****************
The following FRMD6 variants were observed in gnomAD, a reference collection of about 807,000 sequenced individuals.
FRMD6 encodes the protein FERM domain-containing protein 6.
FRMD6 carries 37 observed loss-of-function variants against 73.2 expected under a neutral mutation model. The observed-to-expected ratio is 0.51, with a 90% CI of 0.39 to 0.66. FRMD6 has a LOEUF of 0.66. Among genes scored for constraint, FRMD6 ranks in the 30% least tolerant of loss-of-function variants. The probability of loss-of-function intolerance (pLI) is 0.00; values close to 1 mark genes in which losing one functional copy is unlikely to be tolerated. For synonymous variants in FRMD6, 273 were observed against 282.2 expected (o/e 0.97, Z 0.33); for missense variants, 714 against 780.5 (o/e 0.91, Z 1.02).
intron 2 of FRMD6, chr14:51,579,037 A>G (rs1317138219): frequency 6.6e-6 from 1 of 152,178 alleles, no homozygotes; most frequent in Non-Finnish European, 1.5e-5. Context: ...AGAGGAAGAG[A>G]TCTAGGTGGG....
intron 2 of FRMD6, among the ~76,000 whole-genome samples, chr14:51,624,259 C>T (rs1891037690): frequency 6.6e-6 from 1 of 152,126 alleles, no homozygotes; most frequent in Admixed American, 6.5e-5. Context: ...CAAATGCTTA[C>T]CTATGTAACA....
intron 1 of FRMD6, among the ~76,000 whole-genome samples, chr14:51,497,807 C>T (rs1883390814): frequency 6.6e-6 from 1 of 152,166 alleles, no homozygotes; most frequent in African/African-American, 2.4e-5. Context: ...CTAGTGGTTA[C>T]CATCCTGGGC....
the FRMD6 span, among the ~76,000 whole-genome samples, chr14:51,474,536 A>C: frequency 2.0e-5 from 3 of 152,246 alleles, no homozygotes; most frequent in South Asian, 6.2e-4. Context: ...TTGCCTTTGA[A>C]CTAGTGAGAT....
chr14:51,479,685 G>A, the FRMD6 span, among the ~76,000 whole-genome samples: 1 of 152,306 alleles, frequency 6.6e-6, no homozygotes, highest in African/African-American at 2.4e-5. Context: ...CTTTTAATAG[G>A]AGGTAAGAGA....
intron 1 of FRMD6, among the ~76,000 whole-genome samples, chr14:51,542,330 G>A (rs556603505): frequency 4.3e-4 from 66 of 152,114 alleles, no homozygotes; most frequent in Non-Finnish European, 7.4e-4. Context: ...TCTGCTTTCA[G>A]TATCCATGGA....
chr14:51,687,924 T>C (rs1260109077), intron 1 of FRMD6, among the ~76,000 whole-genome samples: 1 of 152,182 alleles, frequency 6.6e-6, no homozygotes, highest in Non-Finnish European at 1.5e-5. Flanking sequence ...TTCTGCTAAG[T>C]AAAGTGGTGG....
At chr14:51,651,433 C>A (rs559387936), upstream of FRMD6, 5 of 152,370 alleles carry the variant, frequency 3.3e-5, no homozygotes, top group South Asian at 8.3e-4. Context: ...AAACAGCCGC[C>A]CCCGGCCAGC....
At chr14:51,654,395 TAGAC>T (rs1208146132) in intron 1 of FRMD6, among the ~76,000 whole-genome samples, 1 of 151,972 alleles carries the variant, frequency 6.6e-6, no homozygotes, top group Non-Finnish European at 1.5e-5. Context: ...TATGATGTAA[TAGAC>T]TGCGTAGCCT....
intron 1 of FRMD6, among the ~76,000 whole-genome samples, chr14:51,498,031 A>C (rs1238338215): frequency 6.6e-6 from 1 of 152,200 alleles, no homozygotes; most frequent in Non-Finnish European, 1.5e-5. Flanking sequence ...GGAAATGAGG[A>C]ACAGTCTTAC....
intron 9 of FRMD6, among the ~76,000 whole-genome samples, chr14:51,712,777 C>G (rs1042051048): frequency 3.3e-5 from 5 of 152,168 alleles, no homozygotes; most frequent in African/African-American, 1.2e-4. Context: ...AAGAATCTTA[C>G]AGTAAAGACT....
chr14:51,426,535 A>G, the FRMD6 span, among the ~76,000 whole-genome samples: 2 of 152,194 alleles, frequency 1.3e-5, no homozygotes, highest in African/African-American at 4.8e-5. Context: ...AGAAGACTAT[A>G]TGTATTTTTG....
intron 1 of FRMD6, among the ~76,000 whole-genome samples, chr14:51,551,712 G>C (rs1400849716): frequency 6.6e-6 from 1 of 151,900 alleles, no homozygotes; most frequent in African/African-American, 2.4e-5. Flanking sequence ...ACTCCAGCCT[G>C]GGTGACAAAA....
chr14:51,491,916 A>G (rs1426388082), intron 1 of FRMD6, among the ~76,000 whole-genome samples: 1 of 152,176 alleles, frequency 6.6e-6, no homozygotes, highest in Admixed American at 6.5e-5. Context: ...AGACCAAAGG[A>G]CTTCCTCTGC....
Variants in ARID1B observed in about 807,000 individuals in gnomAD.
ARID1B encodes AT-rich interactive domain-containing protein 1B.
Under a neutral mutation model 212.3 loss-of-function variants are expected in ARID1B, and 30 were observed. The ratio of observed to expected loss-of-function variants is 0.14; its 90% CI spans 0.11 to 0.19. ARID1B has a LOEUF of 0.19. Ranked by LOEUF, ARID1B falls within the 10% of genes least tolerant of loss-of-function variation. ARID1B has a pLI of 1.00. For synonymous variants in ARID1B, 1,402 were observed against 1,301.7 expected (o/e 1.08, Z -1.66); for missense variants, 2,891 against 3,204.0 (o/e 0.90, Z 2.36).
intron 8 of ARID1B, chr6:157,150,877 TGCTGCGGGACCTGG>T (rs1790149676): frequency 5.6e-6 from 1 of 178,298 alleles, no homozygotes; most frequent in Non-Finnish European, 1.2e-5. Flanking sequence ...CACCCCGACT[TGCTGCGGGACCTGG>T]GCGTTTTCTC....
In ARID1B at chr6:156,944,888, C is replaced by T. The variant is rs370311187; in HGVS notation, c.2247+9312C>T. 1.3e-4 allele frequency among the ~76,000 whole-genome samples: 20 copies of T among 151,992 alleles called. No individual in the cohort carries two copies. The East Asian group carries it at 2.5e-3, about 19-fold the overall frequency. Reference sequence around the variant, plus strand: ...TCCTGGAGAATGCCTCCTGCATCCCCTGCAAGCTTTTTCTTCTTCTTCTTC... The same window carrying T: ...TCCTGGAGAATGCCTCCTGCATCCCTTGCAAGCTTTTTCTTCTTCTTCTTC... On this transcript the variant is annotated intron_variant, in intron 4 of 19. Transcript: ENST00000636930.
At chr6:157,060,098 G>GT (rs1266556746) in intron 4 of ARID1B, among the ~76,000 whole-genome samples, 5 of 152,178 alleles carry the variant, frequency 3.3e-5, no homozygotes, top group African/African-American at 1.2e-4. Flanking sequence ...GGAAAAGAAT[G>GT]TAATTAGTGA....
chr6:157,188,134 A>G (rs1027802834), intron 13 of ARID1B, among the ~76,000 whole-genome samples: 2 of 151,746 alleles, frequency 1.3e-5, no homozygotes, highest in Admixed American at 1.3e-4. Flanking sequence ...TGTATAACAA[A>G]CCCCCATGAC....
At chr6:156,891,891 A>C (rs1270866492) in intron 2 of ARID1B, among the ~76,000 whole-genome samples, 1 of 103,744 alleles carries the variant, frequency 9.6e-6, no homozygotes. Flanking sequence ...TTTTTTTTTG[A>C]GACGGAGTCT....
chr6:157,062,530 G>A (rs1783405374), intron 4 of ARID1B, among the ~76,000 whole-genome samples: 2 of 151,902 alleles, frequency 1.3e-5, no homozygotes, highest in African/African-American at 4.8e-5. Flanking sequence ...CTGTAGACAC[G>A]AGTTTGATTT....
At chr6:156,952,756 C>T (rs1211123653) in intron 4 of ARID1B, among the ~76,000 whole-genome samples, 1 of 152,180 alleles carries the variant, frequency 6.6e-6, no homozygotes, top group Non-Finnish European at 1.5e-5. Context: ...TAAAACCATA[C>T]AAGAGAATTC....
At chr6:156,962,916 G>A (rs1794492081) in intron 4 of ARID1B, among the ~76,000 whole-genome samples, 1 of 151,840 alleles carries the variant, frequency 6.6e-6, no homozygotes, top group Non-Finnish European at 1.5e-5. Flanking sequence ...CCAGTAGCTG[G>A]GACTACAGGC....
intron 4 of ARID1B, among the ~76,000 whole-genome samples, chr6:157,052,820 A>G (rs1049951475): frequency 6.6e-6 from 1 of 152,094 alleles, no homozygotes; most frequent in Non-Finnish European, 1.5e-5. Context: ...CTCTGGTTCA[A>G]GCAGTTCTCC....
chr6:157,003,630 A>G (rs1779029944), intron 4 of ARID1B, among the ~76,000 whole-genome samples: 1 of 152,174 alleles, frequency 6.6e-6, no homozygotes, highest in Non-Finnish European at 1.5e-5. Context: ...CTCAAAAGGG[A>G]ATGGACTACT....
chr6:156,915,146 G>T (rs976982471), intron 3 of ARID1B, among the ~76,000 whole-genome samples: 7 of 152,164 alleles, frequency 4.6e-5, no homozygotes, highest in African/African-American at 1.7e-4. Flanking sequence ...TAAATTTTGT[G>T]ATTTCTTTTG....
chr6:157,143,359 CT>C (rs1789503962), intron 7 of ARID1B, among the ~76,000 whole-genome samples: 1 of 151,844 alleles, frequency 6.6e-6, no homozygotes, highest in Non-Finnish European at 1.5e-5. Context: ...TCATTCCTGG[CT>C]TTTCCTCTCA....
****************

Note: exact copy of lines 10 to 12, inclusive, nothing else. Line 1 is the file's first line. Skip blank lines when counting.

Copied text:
chr14:51,687,924 T>C (rs1260109077), intron 1 of FRMD6, among the ~76,000 whole-genome samples: 1 of 152,182 alleles, frequency 6.6e-6, no homozygotes, highest in Non-Finnish European at 1.5e-5. Flanking sequence ...TTCTGCTAAG[T>C]AAAGTGGTGG....
At chr14:51,651,433 C>A (rs559387936), upstream of FRMD6, 5 of 152,370 alleles carry the variant, frequency 3.3e-5, no homozygotes, top group South Asian at 8.3e-4. Context: ...AAACAGCCGC[C>A]CCCGGCCAGC....
At chr14:51,654,395 TAGAC>T (rs1208146132) in intron 1 of FRMD6, among the ~76,000 whole-genome samples, 1 of 151,972 alleles carries the variant, frequency 6.6e-6, no homozygotes, top group Non-Finnish European at 1.5e-5. Context: ...TATGATGTAA[TAGAC>T]TGCGTAGCCT....